In Arizona, Gov. Doug Ducey is one of 17 governors – two Democrats, 15 Republicans – to propose no new state spending on early childhood programs.
Now is the time for the legislature to advocate on behalf of Arizona's most precious resource, it’s children.
A cacophony of voices speaking in Spanish, interspersed with laughter, fills a classroom at Rhodes Junior High School. Some students speak halting English, but on occasion they attempt to translate for students who don’t speak any.
Another Arizona school district is asking for state-issued IDs as a requirement for enrollment and potentially shutting out undocumented immigrant families from its classrooms, in violation of state and federal laws.
Vision has never been Gov. Ducey’s strong point. In fact, if there’s one thing both Republicans and Democrats can agree on, it’s that this governor is as status quo and milquetoast-y as they come.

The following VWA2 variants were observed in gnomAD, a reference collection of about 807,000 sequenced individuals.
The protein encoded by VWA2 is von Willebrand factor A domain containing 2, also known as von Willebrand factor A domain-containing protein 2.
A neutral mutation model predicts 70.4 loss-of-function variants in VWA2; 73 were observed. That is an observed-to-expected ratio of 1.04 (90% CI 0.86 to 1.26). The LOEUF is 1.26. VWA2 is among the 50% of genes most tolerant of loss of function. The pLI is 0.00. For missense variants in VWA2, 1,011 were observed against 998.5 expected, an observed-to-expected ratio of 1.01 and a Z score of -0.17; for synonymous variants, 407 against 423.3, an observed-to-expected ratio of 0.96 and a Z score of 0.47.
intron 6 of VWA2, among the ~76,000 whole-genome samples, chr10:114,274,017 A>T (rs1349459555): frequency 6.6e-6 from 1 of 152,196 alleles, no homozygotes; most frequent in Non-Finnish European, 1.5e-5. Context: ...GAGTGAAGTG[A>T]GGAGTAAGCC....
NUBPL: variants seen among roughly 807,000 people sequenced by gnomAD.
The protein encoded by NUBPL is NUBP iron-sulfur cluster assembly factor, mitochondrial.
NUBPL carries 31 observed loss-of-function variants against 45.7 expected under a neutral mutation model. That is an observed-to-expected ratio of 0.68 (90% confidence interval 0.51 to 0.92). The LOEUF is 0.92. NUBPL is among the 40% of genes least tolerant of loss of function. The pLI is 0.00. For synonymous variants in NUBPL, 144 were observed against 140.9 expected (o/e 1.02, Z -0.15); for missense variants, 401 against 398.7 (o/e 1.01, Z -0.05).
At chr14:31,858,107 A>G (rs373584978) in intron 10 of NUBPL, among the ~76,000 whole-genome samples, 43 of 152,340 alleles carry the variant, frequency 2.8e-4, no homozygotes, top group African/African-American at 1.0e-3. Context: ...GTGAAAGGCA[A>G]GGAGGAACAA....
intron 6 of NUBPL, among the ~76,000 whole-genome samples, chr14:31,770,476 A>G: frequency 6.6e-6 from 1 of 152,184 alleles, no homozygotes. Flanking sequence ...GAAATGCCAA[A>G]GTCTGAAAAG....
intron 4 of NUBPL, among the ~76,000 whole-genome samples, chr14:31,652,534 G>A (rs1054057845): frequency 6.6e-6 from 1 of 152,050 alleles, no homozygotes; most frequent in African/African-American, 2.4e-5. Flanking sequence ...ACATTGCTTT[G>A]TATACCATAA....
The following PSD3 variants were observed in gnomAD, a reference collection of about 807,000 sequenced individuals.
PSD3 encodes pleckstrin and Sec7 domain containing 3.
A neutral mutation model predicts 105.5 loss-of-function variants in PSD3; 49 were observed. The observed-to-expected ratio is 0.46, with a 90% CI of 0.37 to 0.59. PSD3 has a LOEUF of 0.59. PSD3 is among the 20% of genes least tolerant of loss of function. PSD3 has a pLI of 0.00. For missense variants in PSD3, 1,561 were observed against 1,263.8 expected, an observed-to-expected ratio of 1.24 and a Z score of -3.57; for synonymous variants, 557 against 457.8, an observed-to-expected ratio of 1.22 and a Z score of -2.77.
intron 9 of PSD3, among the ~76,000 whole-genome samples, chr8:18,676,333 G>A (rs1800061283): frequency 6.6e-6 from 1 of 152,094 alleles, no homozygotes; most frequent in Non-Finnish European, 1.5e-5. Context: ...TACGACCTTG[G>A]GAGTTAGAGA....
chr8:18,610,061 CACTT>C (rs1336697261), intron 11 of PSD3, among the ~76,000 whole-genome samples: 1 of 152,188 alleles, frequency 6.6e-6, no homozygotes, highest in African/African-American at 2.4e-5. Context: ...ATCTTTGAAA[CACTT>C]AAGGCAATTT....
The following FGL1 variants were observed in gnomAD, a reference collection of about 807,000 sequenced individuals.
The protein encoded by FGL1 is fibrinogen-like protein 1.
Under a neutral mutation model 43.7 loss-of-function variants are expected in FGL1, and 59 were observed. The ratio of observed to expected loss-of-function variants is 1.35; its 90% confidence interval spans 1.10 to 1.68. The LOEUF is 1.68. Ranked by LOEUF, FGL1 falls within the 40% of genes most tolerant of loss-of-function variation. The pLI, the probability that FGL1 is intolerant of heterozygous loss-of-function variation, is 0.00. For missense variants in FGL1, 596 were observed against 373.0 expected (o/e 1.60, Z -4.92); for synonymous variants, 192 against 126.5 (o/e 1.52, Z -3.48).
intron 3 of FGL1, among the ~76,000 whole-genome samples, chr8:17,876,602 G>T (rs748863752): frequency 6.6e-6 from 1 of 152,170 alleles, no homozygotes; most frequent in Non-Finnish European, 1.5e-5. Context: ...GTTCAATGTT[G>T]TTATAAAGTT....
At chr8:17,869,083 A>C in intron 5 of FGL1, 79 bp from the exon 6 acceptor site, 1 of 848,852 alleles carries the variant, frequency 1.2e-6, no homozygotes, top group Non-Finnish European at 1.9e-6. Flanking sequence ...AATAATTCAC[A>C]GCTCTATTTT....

I’m curious to see if the money that the vaping industry pumped into electing legislative Republicans last year will earn its proposal the support of enough Republicans to become law.
About 67 percent of respondents agree with the dual-language immersion approach to teaching English to students who don’t already speak it, while 24 percent said they would keep the current Structured English Immersion standard.
The vaping industry’s push to trade higher age restrictions for looser regulations elsewhere in Arizona law is part of a larger nationwide trend.
At a press conference at the Capitol on Monday, Sen. Heather Carter, R-Cave Creek, denounced the vaping-industry-backed bill as “smoke and mirrors” intended to give the impression of a crackdown on youth vaping while leaving massive loopholes that the industry will be able to exploit.